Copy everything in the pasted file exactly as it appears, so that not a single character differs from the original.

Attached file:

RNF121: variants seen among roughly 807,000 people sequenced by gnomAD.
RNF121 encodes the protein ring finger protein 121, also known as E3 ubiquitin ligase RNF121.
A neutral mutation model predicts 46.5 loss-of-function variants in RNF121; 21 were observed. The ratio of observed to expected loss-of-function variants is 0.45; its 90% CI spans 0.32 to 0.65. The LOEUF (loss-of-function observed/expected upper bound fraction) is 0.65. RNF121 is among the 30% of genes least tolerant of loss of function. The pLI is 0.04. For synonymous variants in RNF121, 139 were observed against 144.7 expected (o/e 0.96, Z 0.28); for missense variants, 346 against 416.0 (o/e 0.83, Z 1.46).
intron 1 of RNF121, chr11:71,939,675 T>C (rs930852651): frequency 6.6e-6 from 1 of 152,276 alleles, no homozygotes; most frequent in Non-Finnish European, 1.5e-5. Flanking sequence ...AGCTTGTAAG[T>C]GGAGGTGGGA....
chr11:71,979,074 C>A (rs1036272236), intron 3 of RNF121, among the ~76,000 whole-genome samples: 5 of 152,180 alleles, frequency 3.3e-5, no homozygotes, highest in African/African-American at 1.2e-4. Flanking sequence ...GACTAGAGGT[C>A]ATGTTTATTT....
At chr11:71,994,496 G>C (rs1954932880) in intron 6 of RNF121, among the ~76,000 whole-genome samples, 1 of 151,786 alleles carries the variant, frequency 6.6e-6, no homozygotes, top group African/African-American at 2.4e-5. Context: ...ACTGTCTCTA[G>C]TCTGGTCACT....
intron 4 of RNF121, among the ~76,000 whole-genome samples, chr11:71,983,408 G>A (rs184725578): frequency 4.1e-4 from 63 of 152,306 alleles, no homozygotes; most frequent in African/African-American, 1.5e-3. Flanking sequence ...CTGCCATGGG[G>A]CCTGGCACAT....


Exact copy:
RNF121: variants seen among roughly 807,000 people sequenced by gnomAD.
RNF121 encodes the protein ring finger protein 121, also known as E3 ubiquitin ligase RNF121.
A neutral mutation model predicts 46.5 loss-of-function variants in RNF121; 21 were observed. The ratio of observed to expected loss-of-function variants is 0.45; its 90% CI spans 0.32 to 0.65. The LOEUF (loss-of-function observed/expected upper bound fraction) is 0.65. RNF121 is among the 30% of genes least tolerant of loss of function. The pLI is 0.04. For synonymous variants in RNF121, 139 were observed against 144.7 expected (o/e 0.96, Z 0.28); for missense variants, 346 against 416.0 (o/e 0.83, Z 1.46).
intron 1 of RNF121, chr11:71,939,675 T>C (rs930852651): frequency 6.6e-6 from 1 of 152,276 alleles, no homozygotes; most frequent in Non-Finnish European, 1.5e-5. Flanking sequence ...AGCTTGTAAG[T>C]GGAGGTGGGA....
chr11:71,979,074 C>A (rs1036272236), intron 3 of RNF121, among the ~76,000 whole-genome samples: 5 of 152,180 alleles, frequency 3.3e-5, no homozygotes, highest in African/African-American at 1.2e-4. Flanking sequence ...GACTAGAGGT[C>A]ATGTTTATTT....
At chr11:71,994,496 G>C (rs1954932880) in intron 6 of RNF121, among the ~76,000 whole-genome samples, 1 of 151,786 alleles carries the variant, frequency 6.6e-6, no homozygotes, top group African/African-American at 2.4e-5. Context: ...ACTGTCTCTA[G>C]TCTGGTCACT....
intron 4 of RNF121, among the ~76,000 whole-genome samples, chr11:71,983,408 G>A (rs184725578): frequency 4.1e-4 from 63 of 152,306 alleles, no homozygotes; most frequent in African/African-American, 1.5e-3. Flanking sequence ...CTGCCATGGG[G>A]CCTGGCACAT....